Wind Horse Coffee & Tea is a cozy, personable coffee cabana catering to caffeine connoisseurs. Bolster the break of day with an energy-charging chalice of Caffè Umbria brand coffee ($1.55 for 12 oz), or soothe shot nerves from a night interrupted by the boogieman show choir with a latte ($3.20 for 12 oz). Beard wearers can decorate facial hair with dollops of cream from a milky mocha ($3.30 for 12 oz), and pastry pundits can pepper their morning horoscopes with crumbs from a fresh, locally prepared muffin ($2.35). Wind Horse also provides eaters a menu of noshable breakfast and lunch items, including breakfast toasties ($4.50) and paninis ($5.95).
The hills above Milwaukie bear many secrets, including a turn-of-the-century estate called Amadeus Manor with sloping roofs, heavy wood doors, and stunning views of the Willamette River and Portland skyline. This hidden gem—a three-story stone manor built in 1921—emerges from the bowed limbs of enormous trees and shrubbery, welcoming people inside for a romantic dinner of continental cuisine.
Its menu is culled from European classics, with a focus on the owner's home country, Austria. For the schnitzel Amadeus, the chefs trim pork tenderloin by hand, and for the steak au poivre Madagascar, they paint a grilled new york strip steak in a peppercorn cognac demi glace and pair it with mango chutney. Dinners sweetly conclude with a rotating menu of desserts made in house and a cup of house coffee served with luscious clotted cream.
Guests linger over the meals at tables set with fresh flowers while nearby, a fire roars in a stone hearth. Dusk is particularly enchanting when the setting sun illuminates iron-framed windows and the manor's glittering chandeliers twinkle in the soft pink light.
You might find Li Doyle up very early on a Friday, Saturday, or Sunday morning, making all of the breads and jams for Lili Patisserie's ever-changing breakfast, lunch, and dinner menus herself, combining them with cage-free eggs and local, organic produce whenever possible. Her challah bread becomes chicken club sandwiches or Cuban-style sandwiches, and her handmade ricotta gnocchi wind up on beds of sautéed spinach with san marzano tomato sauce.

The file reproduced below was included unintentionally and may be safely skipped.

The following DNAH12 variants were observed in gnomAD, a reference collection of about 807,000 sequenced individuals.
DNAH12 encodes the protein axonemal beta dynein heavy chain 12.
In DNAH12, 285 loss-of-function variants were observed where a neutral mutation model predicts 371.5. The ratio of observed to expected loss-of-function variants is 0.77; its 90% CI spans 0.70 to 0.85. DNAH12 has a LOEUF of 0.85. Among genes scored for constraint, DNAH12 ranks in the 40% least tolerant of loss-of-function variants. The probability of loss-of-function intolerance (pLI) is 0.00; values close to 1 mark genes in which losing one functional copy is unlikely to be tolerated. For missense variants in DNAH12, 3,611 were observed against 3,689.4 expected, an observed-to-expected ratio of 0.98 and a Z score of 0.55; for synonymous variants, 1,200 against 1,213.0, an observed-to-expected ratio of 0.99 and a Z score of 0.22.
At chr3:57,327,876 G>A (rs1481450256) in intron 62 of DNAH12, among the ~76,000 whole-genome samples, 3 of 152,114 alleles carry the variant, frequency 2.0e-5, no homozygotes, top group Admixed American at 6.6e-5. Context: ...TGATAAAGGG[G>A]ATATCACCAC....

In addition to fresh, seasonal items such as wild, line-caught coho salmon, Doyle prepares vegan and gluten-free options. Bright-red chairs and vintage-style furniture give the seating area a quaint european vibe, like the butter churn currently haunted by the ghost of Louis XIV.
Family owned for a little more than two decades, El Palenque treats guests to a range of regional fare, all handmade in accordance with time-tested generational recipes. Fresh ingredients populate a dinner menu crammed with savory Central American fare, such as the traditional chicharron pupusa (spiced pork, $10) and the hearty tamal (a corn dish with olives, potato, bell peppers, carrots, garbanzos, and feta cheese, $10), as well as Mexican mandible pleasures such as the palenque salad (meat, rice, beans, lettuce, avocado, and pico de gallo, $10). Many dinner items make guest appearances on El Palenque's lunch menu, mingling with creative co-stars such as the cheese and loroco pupusa (corn tortilla stuffed heartily with cheese and Loroco, El Salvador's most beloved and devoured tropical flower, $7) and the crispy chimichanga (accented with ranchera salsa, avocado, and sour cream, $10). Pair any plate with a cold glass of horchata ($3), a crisp glass of chardonnay ($7), or a well-fermented mug of imported cerveza ($4), the Spanish word for fiesta.